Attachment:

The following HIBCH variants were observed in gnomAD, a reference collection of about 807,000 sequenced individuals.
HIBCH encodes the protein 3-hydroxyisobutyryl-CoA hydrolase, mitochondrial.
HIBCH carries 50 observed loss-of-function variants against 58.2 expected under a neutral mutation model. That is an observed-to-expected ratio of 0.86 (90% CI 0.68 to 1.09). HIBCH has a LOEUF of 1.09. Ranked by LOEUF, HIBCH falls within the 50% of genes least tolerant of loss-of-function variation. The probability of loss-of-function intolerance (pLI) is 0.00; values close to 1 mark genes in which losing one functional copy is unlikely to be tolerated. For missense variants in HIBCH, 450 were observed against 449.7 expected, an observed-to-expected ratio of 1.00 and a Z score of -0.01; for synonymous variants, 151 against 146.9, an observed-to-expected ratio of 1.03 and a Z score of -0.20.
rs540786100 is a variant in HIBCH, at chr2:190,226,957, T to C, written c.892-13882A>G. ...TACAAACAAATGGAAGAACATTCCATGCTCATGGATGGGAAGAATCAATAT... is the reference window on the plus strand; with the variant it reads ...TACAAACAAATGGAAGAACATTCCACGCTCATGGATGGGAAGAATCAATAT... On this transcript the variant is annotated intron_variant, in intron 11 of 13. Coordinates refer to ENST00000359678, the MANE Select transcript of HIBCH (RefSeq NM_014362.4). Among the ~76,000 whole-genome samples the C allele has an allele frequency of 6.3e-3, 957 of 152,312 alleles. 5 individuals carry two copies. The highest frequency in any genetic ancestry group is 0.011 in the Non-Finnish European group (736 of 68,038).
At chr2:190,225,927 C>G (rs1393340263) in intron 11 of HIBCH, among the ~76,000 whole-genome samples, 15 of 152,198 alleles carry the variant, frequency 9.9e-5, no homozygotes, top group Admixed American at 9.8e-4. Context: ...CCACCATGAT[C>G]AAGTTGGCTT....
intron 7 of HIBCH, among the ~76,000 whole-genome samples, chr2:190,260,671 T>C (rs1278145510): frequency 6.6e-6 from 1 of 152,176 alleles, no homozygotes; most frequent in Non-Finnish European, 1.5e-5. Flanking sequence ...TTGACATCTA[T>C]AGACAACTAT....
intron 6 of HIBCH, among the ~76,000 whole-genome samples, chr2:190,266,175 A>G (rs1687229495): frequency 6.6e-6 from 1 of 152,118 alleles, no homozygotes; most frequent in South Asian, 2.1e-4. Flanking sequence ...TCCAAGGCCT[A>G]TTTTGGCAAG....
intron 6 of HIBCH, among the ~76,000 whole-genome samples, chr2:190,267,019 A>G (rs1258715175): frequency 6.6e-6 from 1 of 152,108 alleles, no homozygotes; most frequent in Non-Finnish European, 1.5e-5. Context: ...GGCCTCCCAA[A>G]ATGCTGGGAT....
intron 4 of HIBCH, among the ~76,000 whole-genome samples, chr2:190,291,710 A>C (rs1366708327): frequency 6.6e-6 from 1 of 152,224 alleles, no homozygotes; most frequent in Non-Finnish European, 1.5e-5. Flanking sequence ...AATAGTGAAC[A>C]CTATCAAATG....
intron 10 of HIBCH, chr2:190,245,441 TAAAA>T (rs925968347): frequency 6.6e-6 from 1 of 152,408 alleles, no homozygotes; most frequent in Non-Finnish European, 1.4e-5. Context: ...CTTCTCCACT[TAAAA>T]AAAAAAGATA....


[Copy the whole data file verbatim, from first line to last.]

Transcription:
The following HIBCH variants were observed in gnomAD, a reference collection of about 807,000 sequenced individuals.
HIBCH encodes the protein 3-hydroxyisobutyryl-CoA hydrolase, mitochondrial.
HIBCH carries 50 observed loss-of-function variants against 58.2 expected under a neutral mutation model. That is an observed-to-expected ratio of 0.86 (90% CI 0.68 to 1.09). HIBCH has a LOEUF of 1.09. Ranked by LOEUF, HIBCH falls within the 50% of genes least tolerant of loss-of-function variation. The probability of loss-of-function intolerance (pLI) is 0.00; values close to 1 mark genes in which losing one functional copy is unlikely to be tolerated. For missense variants in HIBCH, 450 were observed against 449.7 expected, an observed-to-expected ratio of 1.00 and a Z score of -0.01; for synonymous variants, 151 against 146.9, an observed-to-expected ratio of 1.03 and a Z score of -0.20.
rs540786100 is a variant in HIBCH, at chr2:190,226,957, T to C, written c.892-13882A>G. ...TACAAACAAATGGAAGAACATTCCATGCTCATGGATGGGAAGAATCAATAT... is the reference window on the plus strand; with the variant it reads ...TACAAACAAATGGAAGAACATTCCACGCTCATGGATGGGAAGAATCAATAT... On this transcript the variant is annotated intron_variant, in intron 11 of 13. Coordinates refer to ENST00000359678, the MANE Select transcript of HIBCH (RefSeq NM_014362.4). Among the ~76,000 whole-genome samples the C allele has an allele frequency of 6.3e-3, 957 of 152,312 alleles. 5 individuals carry two copies. The highest frequency in any genetic ancestry group is 0.011 in the Non-Finnish European group (736 of 68,038).
At chr2:190,225,927 C>G (rs1393340263) in intron 11 of HIBCH, among the ~76,000 whole-genome samples, 15 of 152,198 alleles carry the variant, frequency 9.9e-5, no homozygotes, top group Admixed American at 9.8e-4. Context: ...CCACCATGAT[C>G]AAGTTGGCTT....
intron 7 of HIBCH, among the ~76,000 whole-genome samples, chr2:190,260,671 T>C (rs1278145510): frequency 6.6e-6 from 1 of 152,176 alleles, no homozygotes; most frequent in Non-Finnish European, 1.5e-5. Flanking sequence ...TTGACATCTA[T>C]AGACAACTAT....
intron 6 of HIBCH, among the ~76,000 whole-genome samples, chr2:190,266,175 A>G (rs1687229495): frequency 6.6e-6 from 1 of 152,118 alleles, no homozygotes; most frequent in South Asian, 2.1e-4. Flanking sequence ...TCCAAGGCCT[A>G]TTTTGGCAAG....
intron 6 of HIBCH, among the ~76,000 whole-genome samples, chr2:190,267,019 A>G (rs1258715175): frequency 6.6e-6 from 1 of 152,108 alleles, no homozygotes; most frequent in Non-Finnish European, 1.5e-5. Context: ...GGCCTCCCAA[A>G]ATGCTGGGAT....
intron 4 of HIBCH, among the ~76,000 whole-genome samples, chr2:190,291,710 A>C (rs1366708327): frequency 6.6e-6 from 1 of 152,224 alleles, no homozygotes; most frequent in Non-Finnish European, 1.5e-5. Flanking sequence ...AATAGTGAAC[A>C]CTATCAAATG....
intron 10 of HIBCH, chr2:190,245,441 TAAAA>T (rs925968347): frequency 6.6e-6 from 1 of 152,408 alleles, no homozygotes; most frequent in Non-Finnish European, 1.4e-5. Context: ...CTTCTCCACT[TAAAA>T]AAAAAAGATA....